(10th Cir. 2007) (quoting Journal Pub. Co. v.
Mechem, 801 F.2d 1233, 1236 (10th Cir. 1986)), this
Court's local rules do not prohibit Petitioner's
federal habeas counsel from contacting and interviewing
jurors from Petitioner's state criminal trial. Federal
Rule of Evidence 606(b) provides the rationale for this
Court's local rule restricting post-verdict contact with
jurors. Rule 39.2 of the District of Arizona's Local
Rules Civil provides as follows:
Interviews with jurors after trial by or on behalf of parties
involved in the trial are prohibited except on condition that
the attorney or party involved desiring such an interview
file with the Court written interrogatories proposed to be
submitted to the juror(s), together with an affidavit setting
forth the reasons for such proposed interrogatories, within
the time granted for a motion for a new trial. Approval for
the interview of jurors in accordance with the
interrogatories and affidavit so filed will be granted only
upon the showing of good cause. See Federal Rules of
Evidence, Rule 606(b).
Local Rule of Civil Procedure 39.2(b), does not apply to
Petitioner. The language of LRCiv 39.2(b), which provides
that proposed interrogatories must be submitted to the Court
“within the time granted for a motion for a new trial,
” indicates that the rule was drafted to govern contact
with federal jurors following trials in federal district
court. This conclusion is strengthened when the rule is read
together with Local Rule of Civil Procedure 39.1, which
governs the procedure for trial by jury in federal district
court. See LRCiv 39.1.
also assert, correctly, that there “is no federal
right, constitutional or otherwise, to discovery in habeas
proceedings as a general matter.” See Campbell v.
Blodgett, 982 F.2d 1356, 1358 (9th Cir. 1993) (citing
Harris v. Nelson, 394 U.S. 286, 296 (1989)).
“A habeas petitioner, unlike the usual civil litigant
in federal court, is not entitled to discovery as a matter of
ordinary course.” Bracy v. Gramley, 520 U.S.
899, 904 (1997). However, because Petitioner is not at this
time requesting formal discovery, Rule 6(a), Rules Governing
Section 2254 Cases-which requires leave of court upon a
showing of good cause to conduct formal discovery-does not
restrict Petitioner's informal interviews of jurors.
though post-verdict contact with jurors is not prohibited,
that is not to say it is entirely without constraint.
Arizona's rules of ethics, made applicable to counsel in
this case by Local Rule of Civil Procedure 83.2(e), require
that a lawyer “shall not . . . communicate with a juror
or prospective juror after discharge of the jury if . . . the
juror has made known to the lawyer a desire not to
communicate; or . . . the communication involves
misrepresentation, coercion, duress or harassment.”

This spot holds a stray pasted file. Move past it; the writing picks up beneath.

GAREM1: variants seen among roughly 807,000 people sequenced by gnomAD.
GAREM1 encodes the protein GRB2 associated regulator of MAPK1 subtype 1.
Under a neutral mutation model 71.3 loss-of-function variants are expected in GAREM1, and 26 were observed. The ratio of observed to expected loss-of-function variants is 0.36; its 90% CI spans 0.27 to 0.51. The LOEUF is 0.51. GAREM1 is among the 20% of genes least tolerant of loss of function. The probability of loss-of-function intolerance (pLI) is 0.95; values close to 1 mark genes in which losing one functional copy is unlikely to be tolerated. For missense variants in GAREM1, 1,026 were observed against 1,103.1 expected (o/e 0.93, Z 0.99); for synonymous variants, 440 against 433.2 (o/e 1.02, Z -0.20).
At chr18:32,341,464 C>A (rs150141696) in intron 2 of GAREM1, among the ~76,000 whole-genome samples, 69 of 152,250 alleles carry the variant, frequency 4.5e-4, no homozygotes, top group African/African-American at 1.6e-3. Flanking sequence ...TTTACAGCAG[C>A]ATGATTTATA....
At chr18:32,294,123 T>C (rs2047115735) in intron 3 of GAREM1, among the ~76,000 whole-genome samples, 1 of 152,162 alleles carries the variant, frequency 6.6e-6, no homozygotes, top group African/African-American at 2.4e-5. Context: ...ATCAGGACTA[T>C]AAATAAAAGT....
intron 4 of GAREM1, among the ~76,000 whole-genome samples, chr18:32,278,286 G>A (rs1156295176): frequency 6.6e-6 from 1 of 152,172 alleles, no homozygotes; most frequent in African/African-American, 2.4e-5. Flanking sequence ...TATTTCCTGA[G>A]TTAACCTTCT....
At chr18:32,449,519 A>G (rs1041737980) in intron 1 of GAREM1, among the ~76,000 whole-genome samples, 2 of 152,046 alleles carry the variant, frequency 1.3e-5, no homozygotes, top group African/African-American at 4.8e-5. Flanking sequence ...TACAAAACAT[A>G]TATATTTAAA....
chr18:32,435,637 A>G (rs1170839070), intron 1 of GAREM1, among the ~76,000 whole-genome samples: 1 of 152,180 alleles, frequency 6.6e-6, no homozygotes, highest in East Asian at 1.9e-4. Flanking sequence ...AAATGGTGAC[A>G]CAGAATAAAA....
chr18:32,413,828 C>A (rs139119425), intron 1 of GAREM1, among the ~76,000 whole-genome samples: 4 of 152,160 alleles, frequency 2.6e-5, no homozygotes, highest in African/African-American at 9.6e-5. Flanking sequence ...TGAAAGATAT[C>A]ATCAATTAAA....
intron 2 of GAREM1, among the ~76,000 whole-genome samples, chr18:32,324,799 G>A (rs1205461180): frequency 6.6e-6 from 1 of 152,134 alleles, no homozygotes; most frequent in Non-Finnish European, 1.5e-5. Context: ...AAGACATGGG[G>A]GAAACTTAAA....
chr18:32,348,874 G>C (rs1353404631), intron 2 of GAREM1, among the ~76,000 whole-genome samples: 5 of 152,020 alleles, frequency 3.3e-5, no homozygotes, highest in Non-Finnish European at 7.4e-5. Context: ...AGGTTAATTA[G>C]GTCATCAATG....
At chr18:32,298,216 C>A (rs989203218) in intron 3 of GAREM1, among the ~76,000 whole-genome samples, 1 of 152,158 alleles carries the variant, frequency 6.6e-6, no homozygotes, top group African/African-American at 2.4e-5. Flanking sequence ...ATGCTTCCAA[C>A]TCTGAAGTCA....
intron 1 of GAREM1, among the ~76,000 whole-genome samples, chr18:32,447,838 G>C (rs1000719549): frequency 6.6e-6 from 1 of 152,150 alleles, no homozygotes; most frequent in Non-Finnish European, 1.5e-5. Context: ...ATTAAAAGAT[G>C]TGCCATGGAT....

Ariz. R. Sup. Ct. 42, E. R. 3.5 (“E.R. 3.5”).
Counsel “may on occasion want to communicate with a
juror . . . after the jury has been discharged . . . and may
do so unless the communication is prohibited by law or a
court order but must respect the desire of the juror not to
talk with the lawyer, ” and “may not engage in
improper conduct during the communication.” Ariz. R.
Sup. Ct. 42, E.R. 3.5, 2003 cmt 3. Petitioner's counsel
have represented to the court that they will follow these
ethical rules and be respectful of each juror's right not
to discuss the case.
in holding that it is improper and unethical for lawyers to
make public the transaction in the jury room or to interview
jurors to discover the course of deliberation, the Ninth
Circuit recognizes that, except where the inquiry is
authorized by statute, “intrusion into the
‘expressions, arguments, motives, and beliefs' of
jurors during retirement is unanimously condemned.'
” Northern Pac. Ry. Co. v. Mely, 219 F.2d 199,
205 (9th Cir. 1954) (quoting 8 Wigmore on Evidence §
2348, et seq. (3rd Ed., 1940)). This Court concludes that
investigation directed at discovering the inadmissible
considerations of motives and influences that led to a
juror's verdict, including questions designed to elicit a
juror's thoughts on what their verdict might have been in
response to evidence presented to jurors post-trial, may very
well be deemed harassing and unethical, and thus counsel
should consider, to the extent they make such an inquiry,
whether they are in compliance with E.R. 3.5. Cf. Com. v.
Moore, 474 Mass. 541, 52 N.E.3d 126 (2016) (holding that
communications “prohibited by law” under state
ethical rules include communications in violation of
statutory law, specific court orders and court rules, and
common-law limitations on post-verdict juror inquiry).
conclusion, Petitioner's federal habeas counsel is not
required to show good cause prior to informally interviewing
jurors from Petitioner's state criminal trial.
Accordingly, IT IS ORDERED that ...